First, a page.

Special Issue "Advances in Coronaviruses Research: Important Emerging Human Pathogens"

A special issue of Diseases (ISSN 2079-9721). This special issue belongs to the section "Infectious Disease".

Deadline for manuscript submissions: closed (15 June 2016).

Special Issue Editor

Assoc. Prof. Ding Xiang Liu
E-Mail Website
Guest Editor
School of Biological Sciences, Nanyang Technological University, 60 Nanyang Drive, Singapore 637551, Singapore
Interests: coronavirus; dengue virus; replication mechanisms; pathogenesis; virus-host interaction; anti-viral innate immunity

Special Issue Information

Dear Colleagues,

Coronaviruses have been associated with human and animal diseases for many years. Human coronaviruses OC43 (HCoV-OC43) and 229E (HCoV-229E), the two community-acquired human coronaviruses, were recognized to cause a mild, self-limited respiratory infection (common cold) in human in the middle 1960s. This list of ‘low’ pathogenic coronaviruses was recently expanded by the addition of two human coronaviruses, human coronavirus NL63 (HCoV-NL63) in 2004 and HCoV-HKU1 in 2005. With the discovery of the two highly pathogenic, zoonotic coronaviruses, the severe acute respiratory syndrome coronavirus (SARS-CoV) in 2003 and the Middle East respiratory syndrome coronavirus (MERS-CoV) in 2013, coronavirus infection is now emerging as a global public health concern.

The six human coronaviruses identified so far cause diseases with a range of clinical manifestations from mild respiratory infections to severe acute respiratory syndrome. This Special Issue provides an Open Access opportunity to publish research and review articles on human coronaviruses as emerging human pathogens. The focus will be put on a comprehensive review of current literature on viral pathogenesis, virus-host interaction and viral mechanisms to regulate host antiviral responses.

Assoc. Prof. Ding Xiang Liu
Guest Editor

Manuscript Submission Information

Manuscripts should be submitted online at www.mdpi.com by registering and logging in to this website. Once you are registered, click here to go to the submission form. Manuscripts can be submitted until the deadline. All papers will be peer-reviewed. Accepted papers will be published continuously in the journal (as soon as accepted) and will be listed together on the special issue website. Research articles, review articles as well as short communications are invited. For planned papers, a title and short abstract (about 100 words) can be sent to the Editorial Office for announcement on this website.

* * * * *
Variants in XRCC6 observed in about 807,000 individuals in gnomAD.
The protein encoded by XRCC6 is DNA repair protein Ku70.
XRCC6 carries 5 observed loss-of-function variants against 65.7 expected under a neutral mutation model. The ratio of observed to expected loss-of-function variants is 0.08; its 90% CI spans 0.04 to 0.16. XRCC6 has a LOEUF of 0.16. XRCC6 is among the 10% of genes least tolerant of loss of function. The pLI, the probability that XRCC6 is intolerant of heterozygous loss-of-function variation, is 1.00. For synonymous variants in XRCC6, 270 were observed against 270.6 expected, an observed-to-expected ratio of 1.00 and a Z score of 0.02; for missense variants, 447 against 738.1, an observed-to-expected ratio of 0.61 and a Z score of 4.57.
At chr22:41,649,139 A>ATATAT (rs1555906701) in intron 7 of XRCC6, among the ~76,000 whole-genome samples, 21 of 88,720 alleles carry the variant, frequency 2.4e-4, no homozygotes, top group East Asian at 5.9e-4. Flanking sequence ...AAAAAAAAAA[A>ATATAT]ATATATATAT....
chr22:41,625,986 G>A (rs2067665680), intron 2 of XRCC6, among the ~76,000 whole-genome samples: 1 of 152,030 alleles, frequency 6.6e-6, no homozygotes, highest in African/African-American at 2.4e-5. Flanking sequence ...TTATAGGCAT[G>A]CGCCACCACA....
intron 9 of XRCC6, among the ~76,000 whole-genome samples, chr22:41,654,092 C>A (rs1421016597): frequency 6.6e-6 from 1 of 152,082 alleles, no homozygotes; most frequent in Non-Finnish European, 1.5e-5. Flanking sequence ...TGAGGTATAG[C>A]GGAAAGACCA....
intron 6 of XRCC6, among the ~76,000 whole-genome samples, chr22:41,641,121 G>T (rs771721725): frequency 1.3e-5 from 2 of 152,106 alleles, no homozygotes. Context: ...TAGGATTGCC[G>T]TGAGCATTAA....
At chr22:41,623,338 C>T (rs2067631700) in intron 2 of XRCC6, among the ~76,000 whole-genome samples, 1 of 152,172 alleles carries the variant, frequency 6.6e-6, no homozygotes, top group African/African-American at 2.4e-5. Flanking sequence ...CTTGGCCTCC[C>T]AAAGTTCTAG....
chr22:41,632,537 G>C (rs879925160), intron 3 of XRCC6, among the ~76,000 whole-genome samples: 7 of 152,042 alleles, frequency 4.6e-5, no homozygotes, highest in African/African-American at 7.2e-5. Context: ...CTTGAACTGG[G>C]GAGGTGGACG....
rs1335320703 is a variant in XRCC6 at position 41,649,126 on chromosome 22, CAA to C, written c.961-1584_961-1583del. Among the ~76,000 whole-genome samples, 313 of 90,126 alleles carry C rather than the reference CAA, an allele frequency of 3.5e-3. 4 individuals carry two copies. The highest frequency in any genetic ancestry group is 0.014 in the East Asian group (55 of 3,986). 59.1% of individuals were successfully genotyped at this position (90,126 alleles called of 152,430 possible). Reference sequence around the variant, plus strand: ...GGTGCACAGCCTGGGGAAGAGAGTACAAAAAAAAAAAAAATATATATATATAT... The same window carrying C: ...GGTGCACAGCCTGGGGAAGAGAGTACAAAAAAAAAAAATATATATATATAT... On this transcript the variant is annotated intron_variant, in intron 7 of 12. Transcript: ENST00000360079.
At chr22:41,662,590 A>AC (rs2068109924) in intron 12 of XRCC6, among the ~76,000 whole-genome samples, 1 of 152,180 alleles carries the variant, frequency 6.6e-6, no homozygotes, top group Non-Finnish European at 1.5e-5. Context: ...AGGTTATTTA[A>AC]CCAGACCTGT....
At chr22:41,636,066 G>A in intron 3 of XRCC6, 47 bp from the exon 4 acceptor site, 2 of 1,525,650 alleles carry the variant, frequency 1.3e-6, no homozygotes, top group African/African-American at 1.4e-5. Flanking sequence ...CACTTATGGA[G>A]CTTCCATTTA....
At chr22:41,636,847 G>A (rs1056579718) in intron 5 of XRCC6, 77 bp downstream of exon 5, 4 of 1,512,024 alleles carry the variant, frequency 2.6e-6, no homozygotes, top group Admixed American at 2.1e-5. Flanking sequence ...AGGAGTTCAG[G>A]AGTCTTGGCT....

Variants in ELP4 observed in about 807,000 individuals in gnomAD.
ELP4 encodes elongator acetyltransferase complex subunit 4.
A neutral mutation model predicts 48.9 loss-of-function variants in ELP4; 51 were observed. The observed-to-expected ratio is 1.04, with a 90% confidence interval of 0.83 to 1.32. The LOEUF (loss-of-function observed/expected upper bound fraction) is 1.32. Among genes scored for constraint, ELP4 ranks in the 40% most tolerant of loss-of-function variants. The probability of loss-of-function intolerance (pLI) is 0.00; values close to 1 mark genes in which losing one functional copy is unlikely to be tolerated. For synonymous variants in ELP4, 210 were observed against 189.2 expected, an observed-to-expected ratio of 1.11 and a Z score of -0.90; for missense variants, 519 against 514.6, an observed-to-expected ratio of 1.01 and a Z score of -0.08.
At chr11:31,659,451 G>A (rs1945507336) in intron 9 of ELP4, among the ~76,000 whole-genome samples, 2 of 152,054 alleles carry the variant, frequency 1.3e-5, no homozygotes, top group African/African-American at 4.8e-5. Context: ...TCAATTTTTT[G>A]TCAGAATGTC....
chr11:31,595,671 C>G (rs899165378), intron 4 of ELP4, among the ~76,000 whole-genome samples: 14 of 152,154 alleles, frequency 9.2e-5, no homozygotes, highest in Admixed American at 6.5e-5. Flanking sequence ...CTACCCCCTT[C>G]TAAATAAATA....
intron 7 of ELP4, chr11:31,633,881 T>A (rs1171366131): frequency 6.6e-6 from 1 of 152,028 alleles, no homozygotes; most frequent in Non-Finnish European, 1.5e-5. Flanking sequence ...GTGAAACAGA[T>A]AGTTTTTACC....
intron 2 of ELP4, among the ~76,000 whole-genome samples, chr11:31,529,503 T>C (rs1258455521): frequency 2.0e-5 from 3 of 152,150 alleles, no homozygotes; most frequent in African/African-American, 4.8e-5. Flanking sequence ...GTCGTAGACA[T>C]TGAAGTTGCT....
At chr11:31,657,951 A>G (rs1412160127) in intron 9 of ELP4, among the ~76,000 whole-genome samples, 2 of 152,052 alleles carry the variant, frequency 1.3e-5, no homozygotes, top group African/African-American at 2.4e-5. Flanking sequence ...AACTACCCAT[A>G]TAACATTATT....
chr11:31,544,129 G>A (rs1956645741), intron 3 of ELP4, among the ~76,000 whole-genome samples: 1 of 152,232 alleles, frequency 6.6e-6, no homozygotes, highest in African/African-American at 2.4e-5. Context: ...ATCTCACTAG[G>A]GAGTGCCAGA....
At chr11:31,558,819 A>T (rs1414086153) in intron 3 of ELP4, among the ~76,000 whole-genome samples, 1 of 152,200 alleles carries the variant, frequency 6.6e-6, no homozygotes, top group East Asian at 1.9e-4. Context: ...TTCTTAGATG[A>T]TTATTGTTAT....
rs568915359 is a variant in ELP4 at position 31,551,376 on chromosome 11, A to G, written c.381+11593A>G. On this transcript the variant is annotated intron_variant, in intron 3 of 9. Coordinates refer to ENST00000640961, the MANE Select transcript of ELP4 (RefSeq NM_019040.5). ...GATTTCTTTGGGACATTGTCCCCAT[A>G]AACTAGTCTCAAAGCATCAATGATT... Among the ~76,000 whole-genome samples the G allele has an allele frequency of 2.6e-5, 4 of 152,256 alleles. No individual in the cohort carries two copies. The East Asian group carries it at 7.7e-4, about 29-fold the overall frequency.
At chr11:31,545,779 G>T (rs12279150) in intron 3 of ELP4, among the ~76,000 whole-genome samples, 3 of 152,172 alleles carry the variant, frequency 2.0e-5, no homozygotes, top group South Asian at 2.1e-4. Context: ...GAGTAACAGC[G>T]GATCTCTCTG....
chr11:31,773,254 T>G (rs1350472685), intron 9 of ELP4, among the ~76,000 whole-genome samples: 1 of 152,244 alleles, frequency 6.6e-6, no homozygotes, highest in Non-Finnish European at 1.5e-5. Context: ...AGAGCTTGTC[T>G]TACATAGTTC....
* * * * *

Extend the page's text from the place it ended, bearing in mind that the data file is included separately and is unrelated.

Submitted manuscripts should not have been published previously, nor be under consideration for publication elsewhere (except conference proceedings papers). All manuscripts are thoroughly refereed through a single-blind peer-review process. A guide for authors and other relevant information for submission of manuscripts is available on the Instructions for Authors page. Diseases is an international peer-reviewed open access quarterly journal published by MDPI.

Please visit the Instructions for Authors page before submitting a manuscript. The Article Processing Charge (APC) for publication in this open access journal is 1000 CHF (Swiss Francs). Submitted papers should be well formatted and use good English. Authors may use MDPI's English editing service prior to publication or during author revisions.

Keywords

  • human coronaviruses
  • emerging pathogens
  • replication
  • pathogenesis
  • virus-host interactions
  • anti-viral immunity

Published Papers (3 papers)

Order results
Result details
Select all
Export citation of selected articles as:

Review

Jump to: Other

Open AccessReview
Distribution and Evolutionary History of the Mobile Genetic Element s2m in Coronaviruses
Diseases 2016, 4(3), 27; https://doi.org/10.3390/diseases4030027 - 28 Jul 2016
Cited by 1
Abstract